Mexican Rodeo in Texas
Western History - Mexican American Studies
9 x 9, 120 pp.
73 duotone photos.
Pub Date: 10/12/2010
Publications of the Texas Folklore Society
Price:        $19.95


Published by University of North Texas Press

To Receive E-News



Mexican Rodeo in Texas

By Al Rendon

Beautifully illustrated with 75 duotone images.

El Charro , or man on horseback, has represented the spirit of independent Mexico since he played an important role in the 1821 revolution. He is the Mexican version of the American cowboy, only much older, arising from the ranch culture first brought to Mexico by the Spanish. The Charreada is his rodeo, his opportunity to show off both his skills with rope and horse and his decorative, elegant costume. It is at the center of Mexican heritage and self-image, a source of mythology and genuine heroes that has been brought to Texas by immigrants. And since 1989, it has included women, charras, who participate in elaborate and difficult riding formations.

San Antonio photographer Al Rendon has taken this ideal subject for the camera and created a collection of splendid sepia photographs reproduced in duotone. The photos juxtapose the grit of the arena with the poise and polish of the charros, charras, and their horses. The essays, by Julia Hambric, Bryan Woolley, and F. E. Abernethy, describe the history of the charreada and its roots in Mexican culture. Hambric’s essay also details the costumes and events prescribed by tradition and the Federacion Nacional de Charro. Together, this is a unique examination of an important part of Mexico’s heritage.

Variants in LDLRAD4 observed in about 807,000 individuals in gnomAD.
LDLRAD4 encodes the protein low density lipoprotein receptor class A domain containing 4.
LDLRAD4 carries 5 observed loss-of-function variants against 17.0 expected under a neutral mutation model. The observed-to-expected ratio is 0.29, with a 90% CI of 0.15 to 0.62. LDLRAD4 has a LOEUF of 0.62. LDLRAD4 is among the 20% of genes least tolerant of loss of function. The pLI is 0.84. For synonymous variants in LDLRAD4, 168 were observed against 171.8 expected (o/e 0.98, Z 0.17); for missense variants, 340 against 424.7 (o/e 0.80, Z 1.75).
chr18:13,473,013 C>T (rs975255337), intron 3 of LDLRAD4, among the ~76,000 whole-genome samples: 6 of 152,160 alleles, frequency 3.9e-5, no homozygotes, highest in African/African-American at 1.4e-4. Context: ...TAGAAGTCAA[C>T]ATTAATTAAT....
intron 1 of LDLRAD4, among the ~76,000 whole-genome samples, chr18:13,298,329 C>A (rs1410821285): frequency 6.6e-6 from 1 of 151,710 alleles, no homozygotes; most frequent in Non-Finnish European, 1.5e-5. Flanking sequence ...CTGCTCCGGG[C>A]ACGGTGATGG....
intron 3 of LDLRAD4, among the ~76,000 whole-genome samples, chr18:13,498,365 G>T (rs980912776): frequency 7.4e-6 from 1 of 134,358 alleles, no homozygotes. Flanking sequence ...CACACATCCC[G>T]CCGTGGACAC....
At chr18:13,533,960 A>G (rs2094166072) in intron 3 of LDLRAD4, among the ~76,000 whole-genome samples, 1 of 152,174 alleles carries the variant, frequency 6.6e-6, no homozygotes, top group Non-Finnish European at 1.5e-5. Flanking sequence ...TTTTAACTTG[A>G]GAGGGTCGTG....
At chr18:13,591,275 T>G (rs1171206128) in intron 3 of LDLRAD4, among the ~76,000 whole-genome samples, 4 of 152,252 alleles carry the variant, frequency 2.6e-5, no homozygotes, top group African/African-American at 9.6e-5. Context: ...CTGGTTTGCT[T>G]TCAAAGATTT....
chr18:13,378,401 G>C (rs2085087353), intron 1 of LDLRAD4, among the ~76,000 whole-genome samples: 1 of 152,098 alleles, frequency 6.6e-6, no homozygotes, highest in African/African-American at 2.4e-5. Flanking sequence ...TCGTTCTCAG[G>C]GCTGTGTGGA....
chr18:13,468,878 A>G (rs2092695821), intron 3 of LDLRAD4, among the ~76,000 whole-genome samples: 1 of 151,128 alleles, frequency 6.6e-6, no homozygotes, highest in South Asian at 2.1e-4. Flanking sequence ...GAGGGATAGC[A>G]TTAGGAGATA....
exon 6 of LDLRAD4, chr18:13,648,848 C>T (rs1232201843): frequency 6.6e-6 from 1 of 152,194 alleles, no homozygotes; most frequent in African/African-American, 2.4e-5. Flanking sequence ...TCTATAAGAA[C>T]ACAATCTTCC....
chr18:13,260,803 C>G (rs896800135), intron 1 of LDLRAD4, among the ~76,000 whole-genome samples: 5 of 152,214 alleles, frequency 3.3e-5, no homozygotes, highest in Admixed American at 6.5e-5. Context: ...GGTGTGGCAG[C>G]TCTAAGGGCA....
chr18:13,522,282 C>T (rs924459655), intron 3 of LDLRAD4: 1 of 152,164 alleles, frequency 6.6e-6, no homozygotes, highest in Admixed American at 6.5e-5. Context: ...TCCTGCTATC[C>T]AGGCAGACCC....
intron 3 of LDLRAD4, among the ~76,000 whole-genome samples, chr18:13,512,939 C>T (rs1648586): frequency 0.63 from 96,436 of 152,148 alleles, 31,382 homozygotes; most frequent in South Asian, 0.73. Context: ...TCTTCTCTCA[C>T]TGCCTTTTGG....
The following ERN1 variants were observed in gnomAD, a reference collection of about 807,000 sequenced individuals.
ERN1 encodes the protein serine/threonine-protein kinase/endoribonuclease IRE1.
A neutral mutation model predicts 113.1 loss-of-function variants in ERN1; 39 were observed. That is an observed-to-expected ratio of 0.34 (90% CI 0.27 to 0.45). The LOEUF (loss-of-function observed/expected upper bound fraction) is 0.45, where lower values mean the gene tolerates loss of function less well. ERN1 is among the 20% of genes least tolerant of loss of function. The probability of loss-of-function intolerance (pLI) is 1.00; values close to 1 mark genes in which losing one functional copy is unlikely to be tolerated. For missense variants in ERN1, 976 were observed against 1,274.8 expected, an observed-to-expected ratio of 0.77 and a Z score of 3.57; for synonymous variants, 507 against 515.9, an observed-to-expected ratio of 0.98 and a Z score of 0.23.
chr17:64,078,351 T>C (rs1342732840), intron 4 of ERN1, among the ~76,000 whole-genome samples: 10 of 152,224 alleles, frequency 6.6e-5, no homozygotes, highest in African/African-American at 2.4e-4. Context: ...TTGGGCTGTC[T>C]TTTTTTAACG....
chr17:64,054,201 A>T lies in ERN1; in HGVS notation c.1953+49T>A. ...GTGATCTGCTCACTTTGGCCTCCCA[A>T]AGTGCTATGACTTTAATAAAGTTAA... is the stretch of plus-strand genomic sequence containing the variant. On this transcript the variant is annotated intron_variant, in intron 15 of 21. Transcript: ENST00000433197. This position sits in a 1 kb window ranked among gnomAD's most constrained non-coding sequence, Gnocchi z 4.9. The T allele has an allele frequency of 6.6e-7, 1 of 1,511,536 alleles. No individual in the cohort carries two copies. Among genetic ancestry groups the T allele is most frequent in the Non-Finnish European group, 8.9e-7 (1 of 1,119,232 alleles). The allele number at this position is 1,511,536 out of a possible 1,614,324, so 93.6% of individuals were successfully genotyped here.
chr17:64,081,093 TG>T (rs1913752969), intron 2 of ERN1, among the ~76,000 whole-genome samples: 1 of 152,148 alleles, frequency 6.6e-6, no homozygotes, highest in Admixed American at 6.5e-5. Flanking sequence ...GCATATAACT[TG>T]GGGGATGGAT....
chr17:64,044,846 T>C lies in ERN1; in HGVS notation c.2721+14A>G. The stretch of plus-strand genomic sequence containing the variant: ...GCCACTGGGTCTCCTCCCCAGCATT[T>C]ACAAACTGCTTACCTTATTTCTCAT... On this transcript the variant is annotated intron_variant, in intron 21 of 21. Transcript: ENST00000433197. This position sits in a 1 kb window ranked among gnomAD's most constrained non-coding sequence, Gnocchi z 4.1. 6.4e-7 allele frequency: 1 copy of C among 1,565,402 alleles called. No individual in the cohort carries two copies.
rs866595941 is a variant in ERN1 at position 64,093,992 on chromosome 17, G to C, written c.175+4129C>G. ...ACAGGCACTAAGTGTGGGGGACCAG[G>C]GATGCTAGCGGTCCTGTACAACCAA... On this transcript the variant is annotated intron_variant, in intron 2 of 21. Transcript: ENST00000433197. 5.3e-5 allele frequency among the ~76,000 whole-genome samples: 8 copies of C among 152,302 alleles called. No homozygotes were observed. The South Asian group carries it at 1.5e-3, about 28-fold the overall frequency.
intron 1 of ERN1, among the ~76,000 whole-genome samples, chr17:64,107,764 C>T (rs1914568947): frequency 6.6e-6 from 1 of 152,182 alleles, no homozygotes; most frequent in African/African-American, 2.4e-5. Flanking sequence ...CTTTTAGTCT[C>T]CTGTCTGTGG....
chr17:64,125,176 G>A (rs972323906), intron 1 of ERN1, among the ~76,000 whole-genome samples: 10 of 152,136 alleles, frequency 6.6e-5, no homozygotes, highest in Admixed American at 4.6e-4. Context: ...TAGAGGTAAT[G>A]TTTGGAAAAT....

AL RENDON is the owner of Rendon Photography & Fine Art in San Antonio. A photographer since he has been able to hold a camera, his images have appeared in Newsweek, USA Today, Texas Monthly, and numerous other books and magazines.


Review Copy Request Form Desk Copy Request Form